The proprietor of the Dallas Mavericks saw a loss of approximately $870,000, although the potential losses could have been considerably higher.
By Pradeep Saran
Sep 17, 2023
Tech billionaire Mark Cuban had a rough ending to his week when he decided to re-engage with the world of cryptocurrencies after a period of inactivity, only to fall victim to a crypto scam on a late Friday evening. Blockchain observers quickly flagged suspicious transactions, allowing him to secure his other holdings, but he still incurred losses totaling $870,000 across various cryptocurrencies.
Cuban managed to retain the cryptocurrency he held on the Polygon (MATIC) network, but his wallet was emptied of stablecoins, Lido staked ETH, SuperRare, and Ethereum Name Service (.ens domains) tokens.
The first to notice the unusual activity was a pseudonymous on-chain investigator known as @WazzCrypto, who took to Twitter to ask, “Did Mark Cuban’s wallet just get drained?” He pointed out that Cuban’s wallet had been inactive for 160 days before the sudden movement of funds.
@WazzCrypto posted screenshots of crypto wallets associated with Cuban, highlighting what he considered “very ‘sus’ behavior.” Subsequent posts suggested that the entrepreneur had been alerted to the alleged hack, which was later confirmed by DL News, prompting him to move his $2 million worth of USDC to Coinbase.
DL News reported their contact with Cuban about the hack, to which he responded, “Someone got me for 5 ETH.” Cuban speculated that someone had been monitoring his online activities. He explained that he had recently accessed MetaMask, a browser-based crypto wallet, for the first time in months.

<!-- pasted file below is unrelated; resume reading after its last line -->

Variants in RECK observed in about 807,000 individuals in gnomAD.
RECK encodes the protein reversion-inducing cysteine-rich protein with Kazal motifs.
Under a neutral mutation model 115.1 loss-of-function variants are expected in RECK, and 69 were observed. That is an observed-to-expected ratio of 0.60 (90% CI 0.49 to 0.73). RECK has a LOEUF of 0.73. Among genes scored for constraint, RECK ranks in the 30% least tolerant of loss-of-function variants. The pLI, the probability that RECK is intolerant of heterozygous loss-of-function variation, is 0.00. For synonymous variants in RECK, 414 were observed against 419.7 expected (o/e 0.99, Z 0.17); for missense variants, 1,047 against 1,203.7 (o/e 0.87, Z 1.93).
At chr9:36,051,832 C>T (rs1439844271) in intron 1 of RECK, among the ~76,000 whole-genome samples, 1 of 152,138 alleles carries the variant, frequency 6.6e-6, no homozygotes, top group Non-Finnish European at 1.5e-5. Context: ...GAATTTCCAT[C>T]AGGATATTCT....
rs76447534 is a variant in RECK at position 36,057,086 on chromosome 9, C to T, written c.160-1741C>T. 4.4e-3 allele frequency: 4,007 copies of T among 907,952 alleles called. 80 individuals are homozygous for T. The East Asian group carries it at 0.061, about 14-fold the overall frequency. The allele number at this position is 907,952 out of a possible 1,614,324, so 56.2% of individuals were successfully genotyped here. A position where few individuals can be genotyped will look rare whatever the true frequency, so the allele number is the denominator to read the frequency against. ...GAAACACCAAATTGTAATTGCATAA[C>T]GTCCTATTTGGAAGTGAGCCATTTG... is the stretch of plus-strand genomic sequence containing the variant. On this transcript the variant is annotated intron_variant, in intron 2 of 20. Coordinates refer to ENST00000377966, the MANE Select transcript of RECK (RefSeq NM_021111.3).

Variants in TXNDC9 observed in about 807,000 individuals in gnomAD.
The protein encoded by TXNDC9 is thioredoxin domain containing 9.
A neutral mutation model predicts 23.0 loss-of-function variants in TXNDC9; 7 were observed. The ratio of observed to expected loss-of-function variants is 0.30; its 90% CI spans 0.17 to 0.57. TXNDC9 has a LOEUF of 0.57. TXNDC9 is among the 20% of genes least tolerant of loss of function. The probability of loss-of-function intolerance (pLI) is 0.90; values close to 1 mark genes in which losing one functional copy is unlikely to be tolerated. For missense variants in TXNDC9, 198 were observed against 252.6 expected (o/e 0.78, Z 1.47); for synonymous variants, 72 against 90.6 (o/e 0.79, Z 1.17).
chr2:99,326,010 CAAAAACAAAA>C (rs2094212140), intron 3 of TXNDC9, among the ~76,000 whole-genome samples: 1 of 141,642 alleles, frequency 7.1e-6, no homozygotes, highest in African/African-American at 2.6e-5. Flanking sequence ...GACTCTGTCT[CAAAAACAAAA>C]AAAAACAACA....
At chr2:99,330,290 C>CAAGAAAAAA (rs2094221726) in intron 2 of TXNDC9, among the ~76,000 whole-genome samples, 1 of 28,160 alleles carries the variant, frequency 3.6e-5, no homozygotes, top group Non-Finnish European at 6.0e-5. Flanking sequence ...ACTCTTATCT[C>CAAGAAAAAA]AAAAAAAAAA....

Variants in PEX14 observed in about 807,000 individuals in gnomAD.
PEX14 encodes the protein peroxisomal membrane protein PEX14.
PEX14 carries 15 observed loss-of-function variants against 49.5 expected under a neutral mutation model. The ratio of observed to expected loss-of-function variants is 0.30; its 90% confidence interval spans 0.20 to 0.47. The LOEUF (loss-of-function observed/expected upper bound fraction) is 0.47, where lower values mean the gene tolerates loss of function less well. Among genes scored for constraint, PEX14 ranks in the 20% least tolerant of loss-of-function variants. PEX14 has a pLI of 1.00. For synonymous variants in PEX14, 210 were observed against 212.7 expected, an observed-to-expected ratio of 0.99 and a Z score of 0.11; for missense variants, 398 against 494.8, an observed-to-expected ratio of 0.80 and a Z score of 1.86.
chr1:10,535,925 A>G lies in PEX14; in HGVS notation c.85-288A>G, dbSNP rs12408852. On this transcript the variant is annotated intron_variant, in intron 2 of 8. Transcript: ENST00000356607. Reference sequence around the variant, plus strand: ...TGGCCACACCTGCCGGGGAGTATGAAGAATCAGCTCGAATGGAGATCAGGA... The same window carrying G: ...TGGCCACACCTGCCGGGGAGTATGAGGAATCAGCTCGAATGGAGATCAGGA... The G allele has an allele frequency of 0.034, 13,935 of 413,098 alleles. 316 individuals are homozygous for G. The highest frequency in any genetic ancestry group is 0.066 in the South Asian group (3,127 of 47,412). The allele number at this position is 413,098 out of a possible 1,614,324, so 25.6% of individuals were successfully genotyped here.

However, it’s likely that Cuban inadvertently downloaded a fake and fraudulent version of MetaMask. He revealed that he had been searching for information about Circle, a company undergoing significant expansion, and ended up downloading what he believed was MetaMask, but it turned out to be a compromised version.
The hack occurred when Cuban was attempting to manage his account on his mobile phone. He recounted, “MetaMask crashed a couple of times. I just stopped. Then you emailed me. So I locked my NFTs on OpenSea and transferred all my Polygon assets to a secure account,” as he shared with the media outlet.
Mark Cuban did not respond to Decrypt’s request for comment.
Cuban has been an enthusiastic supporter of cryptocurrencies and has championed Non-Fungible Tokens (NFTs) and blockchain technology in previous discussions with Decrypt. The recent hack highlighted a point Cuban had hinted at before: the transparency of the blockchain, which may have saved him from more significant losses. “The whole point of the blockchain is that it’s 100% public,” he had emphasized, adding that he didn’t mind if people knew about his digital assets. This characteristic enabled blockchain analysts to detect the hack.
Cuban, acknowledging the lack of anonymity, disclosed that he manages numerous wallets and that most of his involvement in crypto is a learning experience. He concluded that the technology needs to become more user-friendly so that anyone, regardless of their celebrity status, can participate in it.